This week, The Brattleboro Music Center will bring a young and vibrant American pianist Jonathan Biss back to this region with a solo recital featuring the works of Brahms, Beethoven, Chopin and contemporary Hungarian composer Kurtag, Friday, Jan. 10, 7:30 p.m., at Centre Congregational Church, 193 Main St., Brattleboro, Vt.

Biss has garnered more accolades and awards than space allows listing and has played with many of the most prestigious orchestras, from the New York Philharmonic to the Boston Symphony. His 2009 album of Schubert sonatas was chosen as one of the two best albums of the year by NPR.

I found him an exceedingly bright and articulate artist, able to fully frame and express his ideas and feelings not only at the keyboard, but in dialogue:

JM: You’ve just returned from Europe?

JB: Yes, I got back on the 2nd from a concert tour.

JM: We spoke perhaps 5 years ago, but where escapes me just now.

JB: I’ve been to Marlboro many, many times, as well as Amherst, at UMass.

JM: Are you a Richard Goode (Marlboro Music Series Director) disciple?

JB: I’ve never been a student of Richard’s, but I’ve known him since I was 16, which is when I spent my first summer at Marlboro, and he’s been a big influence on my life, and my admiration has only grown since then.

JM: I was interviewing him about a year and a half ago and he was doing, as his wont, an all-Beethoven concert and I know you’re doing some Beethoven, as well. I shared with him my feeling that Beethoven’s piano and orchestral writing were horses of two very different colors.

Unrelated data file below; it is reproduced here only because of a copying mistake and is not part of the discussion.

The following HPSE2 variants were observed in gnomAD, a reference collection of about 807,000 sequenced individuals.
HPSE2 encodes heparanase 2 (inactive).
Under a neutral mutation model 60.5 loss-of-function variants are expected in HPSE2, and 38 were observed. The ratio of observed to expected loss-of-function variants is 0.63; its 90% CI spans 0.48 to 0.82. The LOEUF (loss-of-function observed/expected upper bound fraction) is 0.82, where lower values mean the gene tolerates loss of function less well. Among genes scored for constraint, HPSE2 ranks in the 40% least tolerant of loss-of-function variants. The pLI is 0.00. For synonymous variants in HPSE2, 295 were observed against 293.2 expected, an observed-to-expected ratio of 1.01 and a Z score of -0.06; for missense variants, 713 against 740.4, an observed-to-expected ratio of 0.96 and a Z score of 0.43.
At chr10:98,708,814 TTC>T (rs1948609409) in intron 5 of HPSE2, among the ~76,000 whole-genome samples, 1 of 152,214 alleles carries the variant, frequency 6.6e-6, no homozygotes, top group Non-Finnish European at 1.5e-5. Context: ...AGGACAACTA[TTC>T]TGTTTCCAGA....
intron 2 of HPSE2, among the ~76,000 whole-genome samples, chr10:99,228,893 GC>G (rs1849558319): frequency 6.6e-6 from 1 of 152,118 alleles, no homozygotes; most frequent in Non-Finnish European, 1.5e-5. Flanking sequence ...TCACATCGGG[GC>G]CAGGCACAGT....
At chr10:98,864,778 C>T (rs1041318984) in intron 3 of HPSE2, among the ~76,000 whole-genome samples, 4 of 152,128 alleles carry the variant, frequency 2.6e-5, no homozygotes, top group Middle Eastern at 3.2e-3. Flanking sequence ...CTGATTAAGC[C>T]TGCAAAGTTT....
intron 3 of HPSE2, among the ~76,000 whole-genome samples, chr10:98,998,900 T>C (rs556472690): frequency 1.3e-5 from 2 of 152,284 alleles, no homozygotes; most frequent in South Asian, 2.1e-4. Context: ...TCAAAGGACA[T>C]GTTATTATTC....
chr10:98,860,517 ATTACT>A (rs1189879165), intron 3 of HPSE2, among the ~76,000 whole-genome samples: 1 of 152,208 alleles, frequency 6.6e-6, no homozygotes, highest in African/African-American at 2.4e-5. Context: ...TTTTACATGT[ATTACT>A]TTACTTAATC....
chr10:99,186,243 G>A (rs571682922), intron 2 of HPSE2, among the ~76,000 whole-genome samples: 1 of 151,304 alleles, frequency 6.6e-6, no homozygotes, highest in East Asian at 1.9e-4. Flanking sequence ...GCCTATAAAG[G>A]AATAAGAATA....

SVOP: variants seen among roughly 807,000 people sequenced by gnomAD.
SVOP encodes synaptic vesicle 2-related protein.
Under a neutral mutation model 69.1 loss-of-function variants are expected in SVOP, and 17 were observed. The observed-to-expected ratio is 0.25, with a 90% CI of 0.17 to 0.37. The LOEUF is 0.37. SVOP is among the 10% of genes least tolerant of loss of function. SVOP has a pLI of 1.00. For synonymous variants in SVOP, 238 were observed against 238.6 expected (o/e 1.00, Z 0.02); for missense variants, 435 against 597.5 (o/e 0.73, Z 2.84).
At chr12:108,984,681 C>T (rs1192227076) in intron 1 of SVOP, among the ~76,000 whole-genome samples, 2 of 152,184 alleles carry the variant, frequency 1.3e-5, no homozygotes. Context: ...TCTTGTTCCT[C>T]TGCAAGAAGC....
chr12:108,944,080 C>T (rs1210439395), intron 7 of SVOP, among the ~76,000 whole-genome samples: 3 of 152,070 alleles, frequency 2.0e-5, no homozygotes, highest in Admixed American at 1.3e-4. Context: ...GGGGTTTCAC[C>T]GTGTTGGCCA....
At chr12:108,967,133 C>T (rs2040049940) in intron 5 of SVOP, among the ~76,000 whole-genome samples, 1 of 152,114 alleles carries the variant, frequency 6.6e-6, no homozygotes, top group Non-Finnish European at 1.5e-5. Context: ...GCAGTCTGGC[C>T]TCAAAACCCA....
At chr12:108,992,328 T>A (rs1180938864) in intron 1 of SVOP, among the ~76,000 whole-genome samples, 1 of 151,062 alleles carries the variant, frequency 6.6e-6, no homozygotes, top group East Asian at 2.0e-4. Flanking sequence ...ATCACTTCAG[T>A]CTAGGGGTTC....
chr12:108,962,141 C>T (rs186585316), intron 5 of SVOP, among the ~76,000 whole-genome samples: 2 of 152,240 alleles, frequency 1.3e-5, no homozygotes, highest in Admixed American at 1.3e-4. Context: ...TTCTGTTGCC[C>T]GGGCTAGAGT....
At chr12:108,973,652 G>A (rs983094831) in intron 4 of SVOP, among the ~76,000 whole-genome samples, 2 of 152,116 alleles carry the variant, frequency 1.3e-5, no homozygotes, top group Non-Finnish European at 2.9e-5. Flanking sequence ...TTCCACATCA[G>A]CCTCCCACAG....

JB: Yes, I think that’s absolutely true. If you keep in mind the fact that at that time, solo music or even chamber music were not even being written for public performance, that colors everything.

The symphonies were meant to be publicly heard by large numbers of people and it was in his interest that they succeed and that meant that he place limits on the levels of difficulties for both listeners and the players. Whereas in the sonatas — that’s where his imagination was given free rein. And, as great as the symphonies are, I always feel that it’s in the piano sonatas and string quartets where we experience the full imaginative power of Beethoven.

JM: That makes a lot of sense, because, to me, as a composer, cohesion is a critical factor in music, that it not wander so far afield that the listeners might lose their way. For instance, in the case of my favorite composer, Ravel, there is very little — if any — dead wood.